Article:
# How does the BigInteger store values internally?

The BigInteger class has a method that returns a byte array. Is that indicative of the fact that the class uses a byte array internally as well to store numbers?

This is important to know in order to pick the right data types to manipulate binary data. If the class were, for example, to use an Int64 array, then a similar array would be more efficient to manipulate raw data by any calling functions.

As an example, I am calling the ToByteArray method to traverse bytes looking for specific binary patterns.

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Open it up with a disassembler like ILSpy or Reflector and see for yourself. – Oded Aug 5 '12 at 19:37

According to the reference source it appears that it stores it's information as a `uint[]` for the data and a int for the sign.

``````namespace System.Numerics
{
/// <summary>Represents an arbitrarily large signed integer.</summary>
[Serializable]
public struct BigInteger : IFormattable, IComparable, IComparable<BigInteger>, IEquatable<BigInteger>
{

// For values int.MinValue < n <= int.MaxValue, the value is stored in sign
// and _bits is null. For all other values, sign is +1 or -1 and the bits are in _bits
internal int _sign;
internal uint[] _bits;
``````

Here is the code it executes to perform `ToByteArray()`

``````    // Return the value of this BigInteger as a little-endian twos-complement
// byte array, using the fewest number of bytes possible. If the value is zero,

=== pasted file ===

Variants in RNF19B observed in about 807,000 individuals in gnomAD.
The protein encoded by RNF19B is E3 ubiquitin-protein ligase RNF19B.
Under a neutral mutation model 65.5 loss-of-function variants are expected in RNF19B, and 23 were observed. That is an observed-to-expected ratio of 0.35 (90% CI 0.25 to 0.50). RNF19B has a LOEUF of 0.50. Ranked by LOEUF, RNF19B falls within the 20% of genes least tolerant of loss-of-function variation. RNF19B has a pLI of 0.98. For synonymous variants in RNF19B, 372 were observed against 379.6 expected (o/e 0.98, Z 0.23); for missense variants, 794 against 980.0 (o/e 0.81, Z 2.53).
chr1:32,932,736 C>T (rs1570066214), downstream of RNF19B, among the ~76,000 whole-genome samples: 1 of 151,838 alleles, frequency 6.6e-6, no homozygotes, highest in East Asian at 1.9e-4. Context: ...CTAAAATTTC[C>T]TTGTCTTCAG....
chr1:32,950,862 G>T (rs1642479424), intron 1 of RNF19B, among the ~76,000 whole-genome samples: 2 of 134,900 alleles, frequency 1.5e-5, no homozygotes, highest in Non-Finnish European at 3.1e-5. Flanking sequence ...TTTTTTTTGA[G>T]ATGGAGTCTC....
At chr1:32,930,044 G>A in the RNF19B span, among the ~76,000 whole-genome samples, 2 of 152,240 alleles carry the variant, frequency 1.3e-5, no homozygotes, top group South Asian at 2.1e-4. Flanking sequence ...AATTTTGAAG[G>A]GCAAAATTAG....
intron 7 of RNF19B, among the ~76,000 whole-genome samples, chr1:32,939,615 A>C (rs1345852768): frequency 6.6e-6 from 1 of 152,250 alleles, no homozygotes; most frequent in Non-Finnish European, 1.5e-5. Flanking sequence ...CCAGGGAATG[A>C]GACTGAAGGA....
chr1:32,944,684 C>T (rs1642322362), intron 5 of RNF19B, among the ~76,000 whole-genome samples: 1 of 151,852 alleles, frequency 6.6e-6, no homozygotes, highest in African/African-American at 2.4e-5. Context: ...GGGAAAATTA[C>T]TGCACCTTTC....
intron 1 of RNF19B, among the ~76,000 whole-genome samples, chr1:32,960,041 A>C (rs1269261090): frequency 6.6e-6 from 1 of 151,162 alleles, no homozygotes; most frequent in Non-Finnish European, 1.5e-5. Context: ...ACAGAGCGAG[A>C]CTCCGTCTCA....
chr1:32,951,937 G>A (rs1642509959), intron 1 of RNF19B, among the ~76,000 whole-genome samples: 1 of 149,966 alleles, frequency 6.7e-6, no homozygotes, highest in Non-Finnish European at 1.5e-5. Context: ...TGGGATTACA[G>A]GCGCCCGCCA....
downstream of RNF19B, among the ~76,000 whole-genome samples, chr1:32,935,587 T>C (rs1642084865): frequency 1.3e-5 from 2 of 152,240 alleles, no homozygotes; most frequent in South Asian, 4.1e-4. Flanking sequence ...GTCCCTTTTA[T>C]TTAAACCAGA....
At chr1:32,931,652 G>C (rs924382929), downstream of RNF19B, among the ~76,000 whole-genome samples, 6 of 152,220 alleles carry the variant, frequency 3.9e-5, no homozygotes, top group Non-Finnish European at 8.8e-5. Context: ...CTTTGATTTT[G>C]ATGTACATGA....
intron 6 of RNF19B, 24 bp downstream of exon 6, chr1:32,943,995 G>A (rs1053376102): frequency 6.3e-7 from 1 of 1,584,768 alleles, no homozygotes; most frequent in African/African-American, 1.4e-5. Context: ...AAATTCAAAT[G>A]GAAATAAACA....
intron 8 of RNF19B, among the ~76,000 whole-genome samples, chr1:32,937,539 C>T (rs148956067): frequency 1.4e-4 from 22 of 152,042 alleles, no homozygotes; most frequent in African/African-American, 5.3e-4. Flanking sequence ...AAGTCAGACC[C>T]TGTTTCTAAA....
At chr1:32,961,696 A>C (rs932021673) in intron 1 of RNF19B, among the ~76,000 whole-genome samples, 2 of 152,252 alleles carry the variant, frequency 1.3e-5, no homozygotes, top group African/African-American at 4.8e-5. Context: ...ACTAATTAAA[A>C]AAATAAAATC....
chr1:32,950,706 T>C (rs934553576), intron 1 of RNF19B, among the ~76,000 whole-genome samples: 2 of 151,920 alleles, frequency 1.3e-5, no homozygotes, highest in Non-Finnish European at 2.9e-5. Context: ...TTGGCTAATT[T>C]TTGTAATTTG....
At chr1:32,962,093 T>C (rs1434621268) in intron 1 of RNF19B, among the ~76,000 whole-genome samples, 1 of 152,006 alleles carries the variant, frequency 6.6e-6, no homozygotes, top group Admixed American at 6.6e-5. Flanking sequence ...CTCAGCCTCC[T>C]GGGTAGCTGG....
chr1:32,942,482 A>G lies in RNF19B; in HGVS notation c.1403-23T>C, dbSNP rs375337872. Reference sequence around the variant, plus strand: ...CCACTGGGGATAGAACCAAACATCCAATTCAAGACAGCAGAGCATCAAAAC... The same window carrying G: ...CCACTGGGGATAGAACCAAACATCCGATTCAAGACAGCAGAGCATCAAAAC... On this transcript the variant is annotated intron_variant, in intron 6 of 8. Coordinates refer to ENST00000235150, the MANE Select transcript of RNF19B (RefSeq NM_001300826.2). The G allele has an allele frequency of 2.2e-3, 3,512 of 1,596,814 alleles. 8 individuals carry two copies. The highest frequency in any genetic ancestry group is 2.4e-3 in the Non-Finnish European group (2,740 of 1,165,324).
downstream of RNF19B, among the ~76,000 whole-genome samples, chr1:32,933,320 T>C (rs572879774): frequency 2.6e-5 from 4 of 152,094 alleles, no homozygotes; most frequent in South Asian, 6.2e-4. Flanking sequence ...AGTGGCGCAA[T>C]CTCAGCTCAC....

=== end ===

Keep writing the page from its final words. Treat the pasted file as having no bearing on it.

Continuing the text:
// return an array of one byte whose element is 0x00.
public byte[] ToByteArray() {
if (_bits == null && _sign == 0)
return new byte[] { 0 };

// We could probably make this more efficient by eliminating one of the passes.
// The current code does one pass for uint array -> byte array conversion,
// and then another pass to remove unneeded bytes at the top of the array.
uint[] dwords;
byte highByte;

if (_bits == null) {
dwords = new uint[] { (uint)_sign };
highByte = (byte)((_sign < 0) ? 0xff : 0x00);
}
else if(_sign == -1) {
dwords = (uint[])_bits.Clone();
NumericsHelpers.DangerousMakeTwosComplement(dwords);  // mutates dwords
highByte = 0xff;
} else {
dwords = _bits;
highByte = 0x00;
}

byte[] bytes = new byte[checked(4 * dwords.Length)];
int curByte = 0;
uint dword;
for (int i = 0; i < dwords.Length; i++) {
dword = dwords[i];
for (int j = 0; j < 4; j++) {
bytes[curByte++] = (byte)(dword & 0xff);
dword >>= 8;
}
}

// find highest significant byte
int msb;
for (msb = bytes.Length - 1; msb > 0; msb--) {
if (bytes[msb] != highByte) break;
}
// ensure high bit is 0 if positive, 1 if negative
bool needExtraByte = (bytes[msb] & 0x80) != (highByte & 0x80);

byte[] trimmedBytes = new byte[msb + 1 + (needExtraByte ? 1 : 0)];
Array.Copy(bytes, trimmedBytes, msb + 1);

if (needExtraByte) trimmedBytes[trimmedBytes.Length - 1] = highByte;
return trimmedBytes;
}
``````
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Thank you. +1 for the link to source code. – Raheel Khan Aug 5 '12 at 20:12